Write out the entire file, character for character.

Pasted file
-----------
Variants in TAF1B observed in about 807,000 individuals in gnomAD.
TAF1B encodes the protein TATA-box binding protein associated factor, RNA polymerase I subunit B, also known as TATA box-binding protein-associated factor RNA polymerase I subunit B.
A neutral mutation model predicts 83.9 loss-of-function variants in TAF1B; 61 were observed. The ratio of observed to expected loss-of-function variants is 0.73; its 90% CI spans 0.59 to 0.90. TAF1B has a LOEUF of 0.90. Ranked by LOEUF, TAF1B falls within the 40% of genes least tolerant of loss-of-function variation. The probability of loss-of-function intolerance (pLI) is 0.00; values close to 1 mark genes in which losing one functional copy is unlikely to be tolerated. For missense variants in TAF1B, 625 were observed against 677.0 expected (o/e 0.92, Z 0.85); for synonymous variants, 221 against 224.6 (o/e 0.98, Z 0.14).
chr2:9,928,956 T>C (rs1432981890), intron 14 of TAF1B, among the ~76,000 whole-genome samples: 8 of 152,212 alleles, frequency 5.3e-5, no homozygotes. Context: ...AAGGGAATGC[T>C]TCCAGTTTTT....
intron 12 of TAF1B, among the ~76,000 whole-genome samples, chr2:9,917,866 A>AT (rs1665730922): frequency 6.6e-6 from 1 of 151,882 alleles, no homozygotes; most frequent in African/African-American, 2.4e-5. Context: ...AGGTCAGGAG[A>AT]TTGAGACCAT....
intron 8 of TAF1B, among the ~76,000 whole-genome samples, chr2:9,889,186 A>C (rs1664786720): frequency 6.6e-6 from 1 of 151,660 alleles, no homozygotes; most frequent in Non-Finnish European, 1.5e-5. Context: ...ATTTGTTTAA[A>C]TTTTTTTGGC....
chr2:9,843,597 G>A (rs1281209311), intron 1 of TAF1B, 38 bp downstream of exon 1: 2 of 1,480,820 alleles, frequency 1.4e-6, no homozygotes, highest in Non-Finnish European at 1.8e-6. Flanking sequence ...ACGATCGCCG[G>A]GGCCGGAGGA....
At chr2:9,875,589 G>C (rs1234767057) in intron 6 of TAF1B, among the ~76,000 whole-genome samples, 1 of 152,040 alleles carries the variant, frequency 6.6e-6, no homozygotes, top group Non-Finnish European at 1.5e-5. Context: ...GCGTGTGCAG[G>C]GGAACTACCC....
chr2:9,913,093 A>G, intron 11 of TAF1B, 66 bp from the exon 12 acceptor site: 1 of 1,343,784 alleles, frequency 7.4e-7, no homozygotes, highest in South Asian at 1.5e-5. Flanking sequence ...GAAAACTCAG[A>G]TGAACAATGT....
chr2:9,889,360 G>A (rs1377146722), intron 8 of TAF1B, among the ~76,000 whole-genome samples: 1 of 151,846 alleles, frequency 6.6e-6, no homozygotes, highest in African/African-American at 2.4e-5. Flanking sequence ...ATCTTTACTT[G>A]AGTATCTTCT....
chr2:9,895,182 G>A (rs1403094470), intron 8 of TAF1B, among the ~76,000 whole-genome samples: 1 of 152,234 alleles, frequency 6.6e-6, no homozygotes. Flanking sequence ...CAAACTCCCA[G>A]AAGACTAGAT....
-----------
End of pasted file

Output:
Variants in TAF1B observed in about 807,000 individuals in gnomAD.
TAF1B encodes the protein TATA-box binding protein associated factor, RNA polymerase I subunit B, also known as TATA box-binding protein-associated factor RNA polymerase I subunit B.
A neutral mutation model predicts 83.9 loss-of-function variants in TAF1B; 61 were observed. The ratio of observed to expected loss-of-function variants is 0.73; its 90% CI spans 0.59 to 0.90. TAF1B has a LOEUF of 0.90. Ranked by LOEUF, TAF1B falls within the 40% of genes least tolerant of loss-of-function variation. The probability of loss-of-function intolerance (pLI) is 0.00; values close to 1 mark genes in which losing one functional copy is unlikely to be tolerated. For missense variants in TAF1B, 625 were observed against 677.0 expected (o/e 0.92, Z 0.85); for synonymous variants, 221 against 224.6 (o/e 0.98, Z 0.14).
chr2:9,928,956 T>C (rs1432981890), intron 14 of TAF1B, among the ~76,000 whole-genome samples: 8 of 152,212 alleles, frequency 5.3e-5, no homozygotes. Context: ...AAGGGAATGC[T>C]TCCAGTTTTT....
intron 12 of TAF1B, among the ~76,000 whole-genome samples, chr2:9,917,866 A>AT (rs1665730922): frequency 6.6e-6 from 1 of 151,882 alleles, no homozygotes; most frequent in African/African-American, 2.4e-5. Context: ...AGGTCAGGAG[A>AT]TTGAGACCAT....
intron 8 of TAF1B, among the ~76,000 whole-genome samples, chr2:9,889,186 A>C (rs1664786720): frequency 6.6e-6 from 1 of 151,660 alleles, no homozygotes; most frequent in Non-Finnish European, 1.5e-5. Context: ...ATTTGTTTAA[A>C]TTTTTTTGGC....
chr2:9,843,597 G>A (rs1281209311), intron 1 of TAF1B, 38 bp downstream of exon 1: 2 of 1,480,820 alleles, frequency 1.4e-6, no homozygotes, highest in Non-Finnish European at 1.8e-6. Flanking sequence ...ACGATCGCCG[G>A]GGCCGGAGGA....
At chr2:9,875,589 G>C (rs1234767057) in intron 6 of TAF1B, among the ~76,000 whole-genome samples, 1 of 152,040 alleles carries the variant, frequency 6.6e-6, no homozygotes, top group Non-Finnish European at 1.5e-5. Context: ...GCGTGTGCAG[G>C]GGAACTACCC....
chr2:9,913,093 A>G, intron 11 of TAF1B, 66 bp from the exon 12 acceptor site: 1 of 1,343,784 alleles, frequency 7.4e-7, no homozygotes, highest in South Asian at 1.5e-5. Flanking sequence ...GAAAACTCAG[A>G]TGAACAATGT....
chr2:9,889,360 G>A (rs1377146722), intron 8 of TAF1B, among the ~76,000 whole-genome samples: 1 of 151,846 alleles, frequency 6.6e-6, no homozygotes, highest in African/African-American at 2.4e-5. Flanking sequence ...ATCTTTACTT[G>A]AGTATCTTCT....
chr2:9,895,182 G>A (rs1403094470), intron 8 of TAF1B, among the ~76,000 whole-genome samples: 1 of 152,234 alleles, frequency 6.6e-6, no homozygotes. Flanking sequence ...CAAACTCCCA[G>A]AAGACTAGAT....